Ahh, 2016. The worst! That is, if you get swept up in the wave of everything awful that’s happening around us and decide the easiest place to loudly put the blame is in the year itself. We’re on a timeline of garbage and tonight, as I’m assuming this will get posted on New Year’s Eve to fangoria.com, we get to start again and move on to the brand new awful of 2017.
Anyhow, what the hell am I talking about. Even if Hollywood had one of its shittiest years in a while, the weird step-sister who likes to hang out in the attic and pull the legs off bugs, horror movies, did not. It was a battle narrowing my list for fangoria.com down to twelve and I’m absolutely furious to not have Anna Biller’s provactative, technicolor The Love Witch or the cerebral Escape The Room!: Coroner Edition The Autopsy of Jane Doe or the movie everyone else liked more than me The Witch on here, but who’s to blame? I am. I blame me and I am very tired. I still took the time to write a paragraph about my fixation with Yoga Hosers, so maybe I need to get my priorities straight in 2017. Here we go!
I saw 98 films released in the year 2014. Give or take a few titles. Most of them were pretty whatever, but some of them were pretty great.
It’s the middle of January 2015 now, everyone else published their top 10 lists weeks ago, and the Oscar nominations were announced this morning. I think the Oscars are dumb and bad, so here’s my best of 2014 and some super cool awards that I’ve decided these movies deserve.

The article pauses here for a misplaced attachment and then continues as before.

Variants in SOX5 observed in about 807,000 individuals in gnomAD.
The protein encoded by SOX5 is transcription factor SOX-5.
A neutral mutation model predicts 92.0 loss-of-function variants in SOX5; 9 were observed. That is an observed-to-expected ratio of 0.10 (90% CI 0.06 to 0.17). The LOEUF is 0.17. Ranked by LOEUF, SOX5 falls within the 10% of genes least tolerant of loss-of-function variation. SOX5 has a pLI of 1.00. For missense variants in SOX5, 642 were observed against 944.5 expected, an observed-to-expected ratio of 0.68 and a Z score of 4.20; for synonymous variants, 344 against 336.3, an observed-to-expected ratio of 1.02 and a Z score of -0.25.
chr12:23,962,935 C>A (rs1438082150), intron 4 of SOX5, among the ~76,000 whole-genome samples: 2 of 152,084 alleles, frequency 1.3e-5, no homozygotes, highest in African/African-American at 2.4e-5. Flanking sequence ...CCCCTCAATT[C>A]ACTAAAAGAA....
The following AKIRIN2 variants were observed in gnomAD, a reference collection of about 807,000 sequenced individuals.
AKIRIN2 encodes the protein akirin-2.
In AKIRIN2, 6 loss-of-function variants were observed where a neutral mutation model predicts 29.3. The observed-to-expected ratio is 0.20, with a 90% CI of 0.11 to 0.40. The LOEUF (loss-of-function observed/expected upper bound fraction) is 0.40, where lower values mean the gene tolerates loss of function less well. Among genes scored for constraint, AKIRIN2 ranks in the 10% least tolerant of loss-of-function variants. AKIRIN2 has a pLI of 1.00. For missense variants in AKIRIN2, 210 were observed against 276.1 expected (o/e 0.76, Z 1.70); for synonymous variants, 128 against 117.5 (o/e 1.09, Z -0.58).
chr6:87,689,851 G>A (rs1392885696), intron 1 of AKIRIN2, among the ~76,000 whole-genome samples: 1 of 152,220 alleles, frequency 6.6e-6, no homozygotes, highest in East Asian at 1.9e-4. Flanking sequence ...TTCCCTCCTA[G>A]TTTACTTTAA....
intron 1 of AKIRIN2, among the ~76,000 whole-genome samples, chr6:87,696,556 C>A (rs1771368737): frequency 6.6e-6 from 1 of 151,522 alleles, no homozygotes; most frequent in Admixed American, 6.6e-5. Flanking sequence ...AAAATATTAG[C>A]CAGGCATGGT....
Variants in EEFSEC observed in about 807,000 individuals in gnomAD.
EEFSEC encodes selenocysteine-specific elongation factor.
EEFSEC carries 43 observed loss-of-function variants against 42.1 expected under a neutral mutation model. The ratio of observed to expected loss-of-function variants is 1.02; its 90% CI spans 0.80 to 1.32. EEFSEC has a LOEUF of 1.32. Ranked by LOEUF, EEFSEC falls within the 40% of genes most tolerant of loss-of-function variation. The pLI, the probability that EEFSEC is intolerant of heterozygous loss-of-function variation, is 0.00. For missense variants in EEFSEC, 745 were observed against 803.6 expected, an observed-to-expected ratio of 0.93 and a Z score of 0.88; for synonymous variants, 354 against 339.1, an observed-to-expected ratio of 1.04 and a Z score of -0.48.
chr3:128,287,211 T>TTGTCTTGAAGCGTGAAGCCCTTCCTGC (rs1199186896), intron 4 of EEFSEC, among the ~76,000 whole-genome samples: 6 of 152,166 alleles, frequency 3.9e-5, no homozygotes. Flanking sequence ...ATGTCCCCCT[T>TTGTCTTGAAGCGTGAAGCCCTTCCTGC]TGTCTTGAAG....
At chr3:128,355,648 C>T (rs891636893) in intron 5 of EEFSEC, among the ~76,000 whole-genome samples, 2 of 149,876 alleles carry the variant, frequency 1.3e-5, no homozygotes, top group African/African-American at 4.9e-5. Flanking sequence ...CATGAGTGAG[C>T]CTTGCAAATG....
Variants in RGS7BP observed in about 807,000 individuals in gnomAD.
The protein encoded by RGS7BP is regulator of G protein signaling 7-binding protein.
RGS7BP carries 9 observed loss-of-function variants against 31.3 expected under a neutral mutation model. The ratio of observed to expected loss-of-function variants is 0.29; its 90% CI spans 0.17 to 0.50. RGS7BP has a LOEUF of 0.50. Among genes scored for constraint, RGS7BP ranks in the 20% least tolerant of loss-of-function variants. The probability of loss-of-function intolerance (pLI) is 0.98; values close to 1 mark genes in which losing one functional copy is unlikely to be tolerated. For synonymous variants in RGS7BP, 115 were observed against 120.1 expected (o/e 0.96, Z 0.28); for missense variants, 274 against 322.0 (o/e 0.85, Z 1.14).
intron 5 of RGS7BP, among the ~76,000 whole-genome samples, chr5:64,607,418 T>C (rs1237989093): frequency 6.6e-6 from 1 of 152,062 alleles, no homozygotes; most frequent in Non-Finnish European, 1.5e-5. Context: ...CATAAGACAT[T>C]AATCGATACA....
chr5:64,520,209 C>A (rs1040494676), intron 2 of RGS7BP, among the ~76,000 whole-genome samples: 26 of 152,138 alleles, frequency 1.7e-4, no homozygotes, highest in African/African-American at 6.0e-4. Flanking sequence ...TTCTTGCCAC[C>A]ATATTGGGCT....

After playing around the world, from Cannes to Dubai, Monsoon Shootout came to New York City last week as the opening night feature of the South Asian International Film Festival. The film follows Adi (Vijay Varma), a young cop who is involved in his first real case; the investigation of a series of murders linked to a gangster named Shiva (Nawazuddin Siddiqui) in the Mumbai slums. Encouraged by his threatening superior (Neeraj Kabi) to shoot first and ask questions later, Adi must make the difficult choice of whether or not to pull the trigger when he has Shiva cornered. The films spurs from this choice, running one by one through the outcomes that could occur from Adi’s decision.
Guess what: it’s still Halloween! And to get into the spirit of my favorite holiday, I’ve been revisiting some of the films that I personally have found to be the scariest movies I’ve ever seen. I’ve compiled a list of the eight horror films that have been the most effective in absolutely terrifying me. Read about my experiences with cinematic terror below, and I encourage you to comment and tell me about your own as well.
Yesterday a friend of mine asked me what I believe the scariest movie of all time is. This is a very complicated question, but also a very appropriate question as we’re all gearing up for our own personal Halloween film festivals throughout the month of October. The first thing to consider is personal bias vs objectivity; am I answering the question of what has been successful at scaring large groups of people, or more simply put, the average scariest film? Or is my answer only what has frightened me? If I am only speaking from my own experiences with horror, things become even more complexly layered.